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Draft Lake Simcoe protection plan

Archived Backgrounder

Draft Lake Simcoe protection plan

The Lake Simcoe Protection Act and the draft Lake Simcoe Protection Plan raise the bar for environmental protection of a watershed in ways that Ontario has never done before.

Building on Ontario's watershed-protection approach in the Clean Water Act, the new act requires the province to establish a protection plan for the lake and surrounding areas. The draft Lake Simcoe Protection Plan is the most comprehensive watershed-based legislated plan in Canada. The draft plan is based on advice from the Lake Simcoe science and stakeholder advisory committees and from the people who live and work around Lake Simcoe.

Draft policies work together to meet the objectives in the act of restoring the coldwater fishery and protecting the ecological health of the lake.  Protections will apply consistently across the watershed, which includes 23 municipalities.

The draft plan takes an ecosystem approach. This approach is science-based and considers cumulative impacts.  It recognizes that a healthy environment is the cornerstone of healthy communities and a healthy economy.

The draft plan is both precautionary and adaptive. It exercises caution in favour of the environment when there is uncertainty about environmental risks. It will evolve and improve over time based on new science, changing conditions of the lake and experience in implementing the plan.

The draft plan is the first of its kind in many ways:

  • It would require the development of a comprehensive phosphorus management strategy based on a phosphorus long-term goal of 44 tonnes per year, an amount much lower than current loading and based on the health of cold water fish communities.
  • It would require municipalities to prepare master plans to control stormwater, which is a significant source of contaminants entering the lake.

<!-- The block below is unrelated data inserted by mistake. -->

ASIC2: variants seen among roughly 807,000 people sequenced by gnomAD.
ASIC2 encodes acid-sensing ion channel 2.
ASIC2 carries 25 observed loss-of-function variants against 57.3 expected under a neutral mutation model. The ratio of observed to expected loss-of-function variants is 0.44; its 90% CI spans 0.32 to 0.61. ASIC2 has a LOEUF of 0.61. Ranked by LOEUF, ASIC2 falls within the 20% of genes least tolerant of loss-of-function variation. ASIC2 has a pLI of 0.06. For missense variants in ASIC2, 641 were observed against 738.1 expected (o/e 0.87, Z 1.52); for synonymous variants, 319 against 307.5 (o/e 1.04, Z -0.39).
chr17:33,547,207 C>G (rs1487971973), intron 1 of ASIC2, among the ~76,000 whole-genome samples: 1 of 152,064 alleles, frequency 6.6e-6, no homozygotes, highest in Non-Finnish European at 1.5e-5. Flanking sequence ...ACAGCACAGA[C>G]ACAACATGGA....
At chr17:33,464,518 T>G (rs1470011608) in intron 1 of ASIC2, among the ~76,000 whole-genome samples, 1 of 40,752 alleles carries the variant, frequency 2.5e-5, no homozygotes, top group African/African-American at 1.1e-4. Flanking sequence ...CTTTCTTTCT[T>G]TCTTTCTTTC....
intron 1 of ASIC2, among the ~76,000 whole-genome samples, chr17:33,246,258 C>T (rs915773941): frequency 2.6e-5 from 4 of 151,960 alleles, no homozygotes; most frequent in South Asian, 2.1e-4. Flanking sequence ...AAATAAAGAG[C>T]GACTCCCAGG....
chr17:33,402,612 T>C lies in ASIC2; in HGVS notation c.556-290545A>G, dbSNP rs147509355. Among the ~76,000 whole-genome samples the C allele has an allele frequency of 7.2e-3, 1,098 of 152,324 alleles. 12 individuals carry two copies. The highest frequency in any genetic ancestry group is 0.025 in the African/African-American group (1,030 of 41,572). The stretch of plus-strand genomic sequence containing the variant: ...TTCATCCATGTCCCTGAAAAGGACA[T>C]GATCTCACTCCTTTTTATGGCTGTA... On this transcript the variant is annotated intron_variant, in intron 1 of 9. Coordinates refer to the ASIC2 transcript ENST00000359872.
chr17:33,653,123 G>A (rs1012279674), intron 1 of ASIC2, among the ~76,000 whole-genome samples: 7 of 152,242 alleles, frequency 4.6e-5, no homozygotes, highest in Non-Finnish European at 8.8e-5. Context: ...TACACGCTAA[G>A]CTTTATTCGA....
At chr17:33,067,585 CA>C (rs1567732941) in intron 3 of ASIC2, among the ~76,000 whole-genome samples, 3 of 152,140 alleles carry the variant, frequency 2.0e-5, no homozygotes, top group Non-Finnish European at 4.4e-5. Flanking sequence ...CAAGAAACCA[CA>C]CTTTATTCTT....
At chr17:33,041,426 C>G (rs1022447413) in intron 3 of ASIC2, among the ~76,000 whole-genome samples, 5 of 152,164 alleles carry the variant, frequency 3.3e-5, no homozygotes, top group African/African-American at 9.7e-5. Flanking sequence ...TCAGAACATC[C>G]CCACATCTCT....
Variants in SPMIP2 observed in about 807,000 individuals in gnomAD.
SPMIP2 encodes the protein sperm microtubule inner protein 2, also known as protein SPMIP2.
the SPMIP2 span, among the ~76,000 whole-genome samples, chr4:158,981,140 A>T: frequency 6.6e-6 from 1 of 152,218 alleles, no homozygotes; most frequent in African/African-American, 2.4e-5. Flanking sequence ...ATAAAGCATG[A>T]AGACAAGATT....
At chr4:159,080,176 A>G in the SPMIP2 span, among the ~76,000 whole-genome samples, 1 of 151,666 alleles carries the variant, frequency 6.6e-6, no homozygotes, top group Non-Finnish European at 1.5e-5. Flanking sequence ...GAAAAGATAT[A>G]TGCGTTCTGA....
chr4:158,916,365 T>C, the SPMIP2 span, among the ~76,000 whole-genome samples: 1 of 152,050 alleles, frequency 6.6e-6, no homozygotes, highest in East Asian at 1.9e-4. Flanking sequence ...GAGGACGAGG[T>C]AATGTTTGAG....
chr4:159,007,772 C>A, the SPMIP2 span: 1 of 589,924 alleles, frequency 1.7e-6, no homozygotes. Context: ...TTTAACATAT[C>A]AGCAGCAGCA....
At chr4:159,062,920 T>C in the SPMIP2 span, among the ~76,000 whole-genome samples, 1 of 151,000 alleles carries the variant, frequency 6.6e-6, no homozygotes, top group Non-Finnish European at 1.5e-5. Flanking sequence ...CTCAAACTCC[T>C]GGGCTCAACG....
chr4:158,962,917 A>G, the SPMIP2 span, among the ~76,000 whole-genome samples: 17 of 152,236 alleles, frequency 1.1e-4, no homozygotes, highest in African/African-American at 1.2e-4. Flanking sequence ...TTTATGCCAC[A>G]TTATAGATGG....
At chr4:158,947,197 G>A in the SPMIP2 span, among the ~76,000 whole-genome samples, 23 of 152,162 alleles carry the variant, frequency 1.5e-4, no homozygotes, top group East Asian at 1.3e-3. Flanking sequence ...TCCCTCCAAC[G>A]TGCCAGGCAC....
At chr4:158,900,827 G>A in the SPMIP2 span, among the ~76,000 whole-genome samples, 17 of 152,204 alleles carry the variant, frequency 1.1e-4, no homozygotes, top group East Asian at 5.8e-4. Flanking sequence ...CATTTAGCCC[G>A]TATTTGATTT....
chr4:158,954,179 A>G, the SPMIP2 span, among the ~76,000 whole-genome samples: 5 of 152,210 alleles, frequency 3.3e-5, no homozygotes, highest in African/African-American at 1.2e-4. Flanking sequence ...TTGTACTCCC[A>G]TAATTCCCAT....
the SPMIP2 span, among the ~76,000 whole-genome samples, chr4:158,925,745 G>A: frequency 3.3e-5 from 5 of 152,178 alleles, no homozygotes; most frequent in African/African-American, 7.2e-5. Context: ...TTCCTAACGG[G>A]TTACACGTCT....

• It would require the development of a comprehensive climate change adaptation strategy. This strategy will be central to helping the watershed's capacity to adapt naturally to future climatic changes.
  • It would restrict the use of live bait fish to species captured in the watershed.  This is a key step in tackling invasive species and restoring the ecological health of the lake.
  • It would protect the Lake Simcoe shoreline and natural heritage features in the watershed by restricting development and site alteration in key natural heritage and hydrologic features and imposes clear shoreline protection zones: 
    • 100 metres for undeveloped Lake Simcoe shoreline areas
    • 30 - 120 metres in built up shoreline areas
    • 30 metres in settlement areas, where feasible.

Plan policies would not be applied to development proposals that have already obtained their significant development approvals, for example, decisions made by the Ontario Municipal Board.

The draft plan integrates and builds on Ontario's existing frameworks for environmental protection and land use planning. This would provide protection for the lake where it most needs it without duplicating existing protections.

The draft plan provides for ongoing scientific advice on the ecological health of Lake Simcoe, on policies, programs and regulations being developed, and on the need for new policies.

The draft plan builds on the regulatory and stewardship roles of existing communities, organizations, businesses, landowners and the public, and seeks to involve these people in the implementation and review of the plan.

The draft plan is available for public comment until March 16, 2009. Read and comment on the plan at www.ontario.ca/lakesimcoe or through the Environmental Registry at www.ontario.ca/environmentalregistry. The posting number is 010-4636.



Environment and Energy